The Other Ways Lenders Judge You
Your credit score is one of the most important numbers in your financial life. It plays a huge role in buying a house, a car, getting loans, credit cards and even, in some cases, a job! Your credit score is primarily made up of paying bills on time, credit history, credit mix, recent inquiries and the debt-to-income ratio. However, there are little-known ways that lenders grade you in addition to your credit score.
Here are the extra ways you are judged and what to do about it:
* Behavior Score. Lenders don’t just look at how much you spend, but also where and when you spend. According to Adrian Nazari, CEO of Credit Sesame, “If you normally shop at high-end stores and regularly pay off your card, and then suddenly start shopping at discount stores and carrying a balance, the lender could use this behavior data as an indicator that you have become higher risk and could take steps to minimize its exposure.
Alternatively, if your behavior data indicates you are a good risk but you aren’t generating a profit, an issuer might determine how to incentivize spending.” Based on your behavior, lenders can increase or lower your credit limit based on behavior triggers such as long-term credit activity, late payments and reaching your limit.
* Attrition Score. This also is known as the “Wandering Eye” score, where lenders determine how likely you are to switch to a competitor. If it is high, lenders may give incentives and perks to keep you committed to them. Giving the impression that you may use another lender may make them work harder for your business. Call them and ask them for lower rates, a higher limit or other perks they can offer. Nazari adds: “Another way to let them know they need to court you again is to simply stop using your card.”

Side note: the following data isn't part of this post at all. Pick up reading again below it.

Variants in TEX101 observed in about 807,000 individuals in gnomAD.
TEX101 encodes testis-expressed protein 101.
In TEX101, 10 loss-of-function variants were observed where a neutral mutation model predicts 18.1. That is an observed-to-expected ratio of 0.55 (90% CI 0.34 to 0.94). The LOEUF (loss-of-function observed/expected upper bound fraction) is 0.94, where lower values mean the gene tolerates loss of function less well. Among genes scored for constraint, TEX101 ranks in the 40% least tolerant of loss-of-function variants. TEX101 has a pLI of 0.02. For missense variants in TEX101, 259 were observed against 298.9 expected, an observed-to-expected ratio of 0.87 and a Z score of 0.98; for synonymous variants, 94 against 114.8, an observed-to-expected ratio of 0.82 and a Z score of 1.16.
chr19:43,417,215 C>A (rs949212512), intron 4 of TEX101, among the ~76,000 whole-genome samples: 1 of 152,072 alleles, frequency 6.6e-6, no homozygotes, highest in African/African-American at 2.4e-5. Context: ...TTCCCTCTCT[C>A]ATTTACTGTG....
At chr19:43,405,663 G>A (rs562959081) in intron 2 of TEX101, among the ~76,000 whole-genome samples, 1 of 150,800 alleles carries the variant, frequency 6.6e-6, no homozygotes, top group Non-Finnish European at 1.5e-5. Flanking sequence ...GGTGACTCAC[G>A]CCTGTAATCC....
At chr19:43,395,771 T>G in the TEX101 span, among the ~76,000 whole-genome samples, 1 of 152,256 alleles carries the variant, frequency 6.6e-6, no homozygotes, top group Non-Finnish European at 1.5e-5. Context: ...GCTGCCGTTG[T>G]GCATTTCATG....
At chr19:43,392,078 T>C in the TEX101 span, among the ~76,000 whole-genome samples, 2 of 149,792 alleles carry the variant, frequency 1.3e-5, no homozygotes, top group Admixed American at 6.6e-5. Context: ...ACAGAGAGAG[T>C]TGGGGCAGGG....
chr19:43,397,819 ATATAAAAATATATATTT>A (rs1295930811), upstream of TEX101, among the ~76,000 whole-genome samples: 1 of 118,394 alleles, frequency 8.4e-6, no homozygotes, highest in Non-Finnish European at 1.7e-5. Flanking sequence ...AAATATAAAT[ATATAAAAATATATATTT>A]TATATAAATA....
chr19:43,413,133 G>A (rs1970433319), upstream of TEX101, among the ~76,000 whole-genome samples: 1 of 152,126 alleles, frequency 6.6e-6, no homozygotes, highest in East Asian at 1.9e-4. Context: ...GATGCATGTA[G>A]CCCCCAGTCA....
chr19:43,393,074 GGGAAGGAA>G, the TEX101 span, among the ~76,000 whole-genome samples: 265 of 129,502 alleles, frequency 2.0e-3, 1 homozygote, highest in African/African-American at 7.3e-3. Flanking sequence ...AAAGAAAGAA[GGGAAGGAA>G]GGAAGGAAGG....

* Collection Score. When debt is sent to a collection agency, not only does your credit score drop, but you probably will be harassed nonstop to pay off the debt. Your collection score is determined by how likely you are to pay. Creditors may not aggressively pursue those with a low score since it will not want to waste valuable resources to go after debt that is unlikely to be paid off. If you are behind, work with the creditor so it doesn’t go to collections. If it does, try to negotiate with the agency, and if it is overly aggressive, let the Federal Trade Commission know.
* Bankruptcy Score. This is an algorithm that is used to predict how likely you are to go bankrupt. When you get a new credit card or loan, lenders will pull your credit score to evaluate and minimize their risk in advance.
The key thing is to proactively monitor your credit score. Visit artofthinkingsmart.com to learn ways to boost your credit score.
It is important to check your score on a regular basis! Creditsesame.com and creditkarma.com offer free credit scores and reports.